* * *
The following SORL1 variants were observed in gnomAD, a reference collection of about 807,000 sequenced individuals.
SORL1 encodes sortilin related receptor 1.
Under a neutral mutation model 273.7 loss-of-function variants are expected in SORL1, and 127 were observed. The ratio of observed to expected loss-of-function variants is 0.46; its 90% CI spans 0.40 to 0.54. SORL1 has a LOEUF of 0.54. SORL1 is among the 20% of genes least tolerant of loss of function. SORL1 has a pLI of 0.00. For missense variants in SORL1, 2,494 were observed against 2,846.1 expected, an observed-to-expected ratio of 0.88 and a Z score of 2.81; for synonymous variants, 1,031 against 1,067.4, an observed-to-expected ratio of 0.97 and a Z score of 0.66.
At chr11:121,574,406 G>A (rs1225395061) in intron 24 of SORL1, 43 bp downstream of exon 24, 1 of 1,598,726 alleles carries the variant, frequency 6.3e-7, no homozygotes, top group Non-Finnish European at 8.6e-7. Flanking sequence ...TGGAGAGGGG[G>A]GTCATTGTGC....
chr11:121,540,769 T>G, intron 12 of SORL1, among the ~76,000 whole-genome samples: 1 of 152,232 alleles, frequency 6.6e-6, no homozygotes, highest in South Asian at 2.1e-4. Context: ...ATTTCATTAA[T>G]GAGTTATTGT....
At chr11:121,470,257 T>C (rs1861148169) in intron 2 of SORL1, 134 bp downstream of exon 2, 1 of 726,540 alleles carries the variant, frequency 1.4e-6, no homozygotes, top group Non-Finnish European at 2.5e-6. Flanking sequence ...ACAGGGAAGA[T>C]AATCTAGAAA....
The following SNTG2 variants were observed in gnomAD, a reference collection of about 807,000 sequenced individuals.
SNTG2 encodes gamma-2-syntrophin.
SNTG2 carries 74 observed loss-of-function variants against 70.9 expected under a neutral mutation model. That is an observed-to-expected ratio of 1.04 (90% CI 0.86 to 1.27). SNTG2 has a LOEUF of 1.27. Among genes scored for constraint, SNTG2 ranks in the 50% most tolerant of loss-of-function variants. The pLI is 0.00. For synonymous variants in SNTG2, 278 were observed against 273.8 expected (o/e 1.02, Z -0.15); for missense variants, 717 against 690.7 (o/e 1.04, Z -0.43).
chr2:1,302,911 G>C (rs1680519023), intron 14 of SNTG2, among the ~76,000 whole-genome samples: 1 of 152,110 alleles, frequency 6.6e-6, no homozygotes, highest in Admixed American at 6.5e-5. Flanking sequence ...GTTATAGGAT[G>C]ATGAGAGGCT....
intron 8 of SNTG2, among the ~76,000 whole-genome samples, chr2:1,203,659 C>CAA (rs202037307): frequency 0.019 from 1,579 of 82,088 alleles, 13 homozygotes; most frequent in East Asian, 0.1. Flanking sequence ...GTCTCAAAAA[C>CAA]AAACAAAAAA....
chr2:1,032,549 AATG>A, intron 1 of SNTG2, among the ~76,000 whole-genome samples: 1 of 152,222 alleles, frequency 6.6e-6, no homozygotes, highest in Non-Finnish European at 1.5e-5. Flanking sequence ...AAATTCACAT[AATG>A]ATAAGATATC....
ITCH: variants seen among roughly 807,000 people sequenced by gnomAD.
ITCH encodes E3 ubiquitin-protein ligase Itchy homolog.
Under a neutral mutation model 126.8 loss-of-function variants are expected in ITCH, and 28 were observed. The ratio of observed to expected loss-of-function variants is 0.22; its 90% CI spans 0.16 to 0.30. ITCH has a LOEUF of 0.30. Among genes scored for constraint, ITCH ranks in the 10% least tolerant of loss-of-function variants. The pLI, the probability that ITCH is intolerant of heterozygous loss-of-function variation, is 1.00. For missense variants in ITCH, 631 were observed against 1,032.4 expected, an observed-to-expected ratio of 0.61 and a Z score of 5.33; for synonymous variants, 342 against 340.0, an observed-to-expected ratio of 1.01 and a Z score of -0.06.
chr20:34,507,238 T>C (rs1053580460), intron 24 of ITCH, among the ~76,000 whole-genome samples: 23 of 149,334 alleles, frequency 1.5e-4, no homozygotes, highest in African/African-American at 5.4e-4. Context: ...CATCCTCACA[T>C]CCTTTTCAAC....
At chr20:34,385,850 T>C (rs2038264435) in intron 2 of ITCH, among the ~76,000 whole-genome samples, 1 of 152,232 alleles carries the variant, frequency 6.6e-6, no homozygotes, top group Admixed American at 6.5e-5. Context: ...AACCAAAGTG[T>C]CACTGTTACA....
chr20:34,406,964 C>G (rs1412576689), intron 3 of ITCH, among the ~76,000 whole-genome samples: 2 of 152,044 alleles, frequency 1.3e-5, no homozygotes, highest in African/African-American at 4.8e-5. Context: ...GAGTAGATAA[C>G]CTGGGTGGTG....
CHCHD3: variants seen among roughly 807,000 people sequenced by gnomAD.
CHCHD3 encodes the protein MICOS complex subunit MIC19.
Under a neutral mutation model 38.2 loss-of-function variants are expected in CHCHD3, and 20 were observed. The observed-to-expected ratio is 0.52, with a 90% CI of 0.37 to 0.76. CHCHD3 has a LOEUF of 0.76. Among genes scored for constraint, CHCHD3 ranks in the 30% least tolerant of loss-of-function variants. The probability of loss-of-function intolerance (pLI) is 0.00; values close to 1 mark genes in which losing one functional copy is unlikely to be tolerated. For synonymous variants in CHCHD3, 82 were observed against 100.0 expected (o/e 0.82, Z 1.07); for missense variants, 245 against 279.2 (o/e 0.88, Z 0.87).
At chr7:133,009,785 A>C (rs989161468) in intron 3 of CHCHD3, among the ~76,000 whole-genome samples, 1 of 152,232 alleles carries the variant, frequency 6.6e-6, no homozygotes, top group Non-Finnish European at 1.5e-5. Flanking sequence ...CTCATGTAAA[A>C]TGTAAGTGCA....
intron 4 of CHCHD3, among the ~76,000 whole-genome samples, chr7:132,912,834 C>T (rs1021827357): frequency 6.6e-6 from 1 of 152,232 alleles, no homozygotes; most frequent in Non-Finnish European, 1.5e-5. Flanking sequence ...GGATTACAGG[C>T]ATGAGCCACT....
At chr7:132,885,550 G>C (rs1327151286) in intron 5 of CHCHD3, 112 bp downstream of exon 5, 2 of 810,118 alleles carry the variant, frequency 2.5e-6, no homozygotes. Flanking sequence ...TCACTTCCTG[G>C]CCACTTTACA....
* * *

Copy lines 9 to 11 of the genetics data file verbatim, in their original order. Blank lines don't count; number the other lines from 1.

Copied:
SNTG2 carries 74 observed loss-of-function variants against 70.9 expected under a neutral mutation model. That is an observed-to-expected ratio of 1.04 (90% CI 0.86 to 1.27). SNTG2 has a LOEUF of 1.27. Among genes scored for constraint, SNTG2 ranks in the 50% most tolerant of loss-of-function variants. The pLI is 0.00. For synonymous variants in SNTG2, 278 were observed against 273.8 expected (o/e 1.02, Z -0.15); for missense variants, 717 against 690.7 (o/e 1.04, Z -0.43).
chr2:1,302,911 G>C (rs1680519023), intron 14 of SNTG2, among the ~76,000 whole-genome samples: 1 of 152,110 alleles, frequency 6.6e-6, no homozygotes, highest in Admixed American at 6.5e-5. Flanking sequence ...GTTATAGGAT[G>C]ATGAGAGGCT....
intron 8 of SNTG2, among the ~76,000 whole-genome samples, chr2:1,203,659 C>CAA (rs202037307): frequency 0.019 from 1,579 of 82,088 alleles, 13 homozygotes; most frequent in East Asian, 0.1. Flanking sequence ...GTCTCAAAAA[C>CAA]AAACAAAAAA....